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Juvenile myelomonocytic leukaemia (JMML)

Get information on what JMML is, the symptoms and what treatment is available.

What it is

Juvenile myelomonocytic leukaemia (JMML) is a very rare type of slowly developing (chronic) blood disorder that occurs in young children. It's also sometimes called juvenile chronic myelogenous leukaemia (JCML).

Leukaemia means a cancer of the blood forming system. The blood forming system is the bone marrow – the soft inner part of your bones. Although JMML has leukaemia as part of its name, the World Health Organisation (WHO) does not classify it as a leukaemia. It's now included in a group of diseases called myeloproliferative and myelodysplastic disorders.

Myeloproliferative and myelodysplastic disorders

A myeloproliferative disorder is a condition where there are too many blood cells made. A myelodysplastic disorder is where the blood cells made are abnormal and not fully mature. In reality, these two disorders often overlap, which is why the WHO has put them together in the same category.

Problems with infections

The abnormal white blood cells are made in the bone marrow, enter the bloodstream and circulate around the body. They don't work normally, so children with JMML don't have the same protection against infection as they should. The under developed blood cells are called blasts. In JMML it's white blood cells called monocytes that are abnormal. Monocytes are part of the immune system and help the body to fight infection. 

Who gets JMML

JMML is most common in children under 4. We don't yet know the cause of JMML. Children with a genetic disorder called neurofibromatosis 1 (NF1) are more at risk of developing JMML. But this only accounts for about 1 in 10 cases.

Symptoms of JMML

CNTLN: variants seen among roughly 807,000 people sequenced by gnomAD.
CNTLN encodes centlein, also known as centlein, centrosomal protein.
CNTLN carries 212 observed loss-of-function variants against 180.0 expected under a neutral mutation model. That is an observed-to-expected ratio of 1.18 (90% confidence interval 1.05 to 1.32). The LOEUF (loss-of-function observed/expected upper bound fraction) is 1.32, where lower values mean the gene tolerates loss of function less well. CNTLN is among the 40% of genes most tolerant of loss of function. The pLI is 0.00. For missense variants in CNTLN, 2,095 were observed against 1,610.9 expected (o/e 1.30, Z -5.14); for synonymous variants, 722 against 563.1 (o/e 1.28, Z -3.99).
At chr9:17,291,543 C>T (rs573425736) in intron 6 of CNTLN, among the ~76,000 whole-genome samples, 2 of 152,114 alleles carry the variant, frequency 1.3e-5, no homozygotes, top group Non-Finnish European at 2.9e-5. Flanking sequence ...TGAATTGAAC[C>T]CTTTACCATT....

In JMML, as the abnormal blood cells multiply in the bone marrow, fewer normal blood cells are made. If there are not enough normal blood cells, the body cannot work normally.

This can cause quite severe symptoms in children with JMML, including:

  • being tired and lethargic
  • bruising easily
  • nosebleeds and bleeding gums
  • fever
  • getting lots of infections
  • an enlarged liver and spleen
  • swollen lymph nodes
  • skin rashes
  • small yellowish skin tumours

Treatment for JMML

The treatment for JMML is usually a stem cell transplant. This is where doctors replace the damaged stem cells with healthy ones taken from a donor, often a brother or sister. At the moment this is the only type of treatment that can possibly cure JMML.

Unfortunately, this type of treatment is only suitable for some children. Doctors and scientists are trying to improve treatment for this disease, but currently it is still difficult to cure.


Coping with a diagnosis of a rare blood disorder can be especially difficult, both practically and emotionally. Being well informed about your child's condition and their treatment can make it easier to make decisions and cope with what happens.

Leukaemia CARE

Leukaemia CARE provides support to anyone affected by blood cancer. They have information on their website about myeloproliferative disorders.

Cancer Research UK nurses

For support and information, you can call the Cancer Research UK information nurses on freephone 0808 800 4040, from 9am to 5pm, Monday to Friday. They can give advice about who can help you and what kind of support is available.
Last reviewed: 
20 Jul 2017
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    D Choudhary and others

    Indian Journal of Hematology and Blood Transfusion, 2014

    Volume 30, Supplement 1

  • Subclonal mutations in SETBP1 confer a poor prognosis in juvenile myelomonocytic leukemia

    E Stieglitz and others

    Blood, 2015

    Volume 125, Issue 3

  • Principles and practice of oncology (10th edition)

    VT DeVita, TS Lawrence and SA Rosenberg

    Lippincott, Williams & Wilkins, 2015

  • The 2008 revision of the World Health Organization (WHO) classification of myeloid neoplasms and acute leukemia: rationale and important changes

    JW Vardiman and others

    Blood, 2009

    Volume 114, Issue 5


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